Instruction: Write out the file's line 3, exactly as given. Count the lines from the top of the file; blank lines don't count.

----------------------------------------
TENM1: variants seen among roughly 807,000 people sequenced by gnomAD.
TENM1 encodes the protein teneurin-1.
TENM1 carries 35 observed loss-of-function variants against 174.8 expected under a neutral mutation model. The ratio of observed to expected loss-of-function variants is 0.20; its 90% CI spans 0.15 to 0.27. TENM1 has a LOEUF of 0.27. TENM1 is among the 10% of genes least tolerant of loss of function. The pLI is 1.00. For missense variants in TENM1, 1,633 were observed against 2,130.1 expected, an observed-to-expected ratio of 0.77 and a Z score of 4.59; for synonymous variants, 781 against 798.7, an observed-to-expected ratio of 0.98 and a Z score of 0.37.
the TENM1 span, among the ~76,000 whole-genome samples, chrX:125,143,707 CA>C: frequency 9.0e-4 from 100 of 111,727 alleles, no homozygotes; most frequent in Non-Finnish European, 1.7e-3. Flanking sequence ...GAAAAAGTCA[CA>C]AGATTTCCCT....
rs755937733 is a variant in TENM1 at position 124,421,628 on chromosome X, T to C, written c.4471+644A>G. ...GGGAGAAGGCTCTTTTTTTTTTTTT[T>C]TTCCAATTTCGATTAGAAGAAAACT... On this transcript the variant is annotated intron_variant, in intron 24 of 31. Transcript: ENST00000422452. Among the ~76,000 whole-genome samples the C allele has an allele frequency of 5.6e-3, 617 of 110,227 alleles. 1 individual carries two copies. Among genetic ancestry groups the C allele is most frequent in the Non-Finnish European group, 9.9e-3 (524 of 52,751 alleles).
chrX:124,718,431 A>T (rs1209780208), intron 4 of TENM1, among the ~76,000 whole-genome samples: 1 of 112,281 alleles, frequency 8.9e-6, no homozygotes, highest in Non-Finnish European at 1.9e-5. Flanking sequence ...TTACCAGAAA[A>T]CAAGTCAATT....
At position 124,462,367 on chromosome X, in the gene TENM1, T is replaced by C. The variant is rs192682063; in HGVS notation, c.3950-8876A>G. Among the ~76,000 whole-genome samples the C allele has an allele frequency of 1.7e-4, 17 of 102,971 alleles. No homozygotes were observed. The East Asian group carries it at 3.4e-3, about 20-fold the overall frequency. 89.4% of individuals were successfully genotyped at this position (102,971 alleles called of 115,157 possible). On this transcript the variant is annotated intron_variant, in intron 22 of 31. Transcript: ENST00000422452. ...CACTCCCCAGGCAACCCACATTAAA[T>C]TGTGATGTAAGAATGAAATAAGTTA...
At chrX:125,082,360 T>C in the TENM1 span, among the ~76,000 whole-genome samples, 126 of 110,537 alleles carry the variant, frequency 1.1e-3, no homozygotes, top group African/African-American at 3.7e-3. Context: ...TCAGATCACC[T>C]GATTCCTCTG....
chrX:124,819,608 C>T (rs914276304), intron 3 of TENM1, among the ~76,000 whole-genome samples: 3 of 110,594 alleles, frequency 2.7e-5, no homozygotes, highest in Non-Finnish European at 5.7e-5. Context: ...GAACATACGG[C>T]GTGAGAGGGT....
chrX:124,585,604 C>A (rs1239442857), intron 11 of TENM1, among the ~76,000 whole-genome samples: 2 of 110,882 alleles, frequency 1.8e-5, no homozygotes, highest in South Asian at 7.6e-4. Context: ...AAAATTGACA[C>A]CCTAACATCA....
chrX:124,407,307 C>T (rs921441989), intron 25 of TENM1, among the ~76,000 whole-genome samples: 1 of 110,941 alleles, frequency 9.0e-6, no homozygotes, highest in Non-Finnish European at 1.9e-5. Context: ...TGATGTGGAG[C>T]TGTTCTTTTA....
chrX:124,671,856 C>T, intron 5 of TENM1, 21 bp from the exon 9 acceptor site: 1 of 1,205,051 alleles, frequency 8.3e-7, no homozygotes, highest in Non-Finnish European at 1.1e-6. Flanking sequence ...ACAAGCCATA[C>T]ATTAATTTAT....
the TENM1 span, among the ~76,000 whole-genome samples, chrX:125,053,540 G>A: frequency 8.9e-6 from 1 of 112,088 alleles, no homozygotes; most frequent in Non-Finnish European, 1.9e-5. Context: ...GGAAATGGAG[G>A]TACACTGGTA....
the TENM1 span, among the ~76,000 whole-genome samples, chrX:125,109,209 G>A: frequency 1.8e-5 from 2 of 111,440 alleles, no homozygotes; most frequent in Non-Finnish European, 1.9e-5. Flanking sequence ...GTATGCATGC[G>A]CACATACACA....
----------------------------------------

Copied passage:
TENM1 carries 35 observed loss-of-function variants against 174.8 expected under a neutral mutation model. The ratio of observed to expected loss-of-function variants is 0.20; its 90% CI spans 0.15 to 0.27. TENM1 has a LOEUF of 0.27. TENM1 is among the 10% of genes least tolerant of loss of function. The pLI is 1.00. For missense variants in TENM1, 1,633 were observed against 2,130.1 expected, an observed-to-expected ratio of 0.77 and a Z score of 4.59; for synonymous variants, 781 against 798.7, an observed-to-expected ratio of 0.98 and a Z score of 0.37.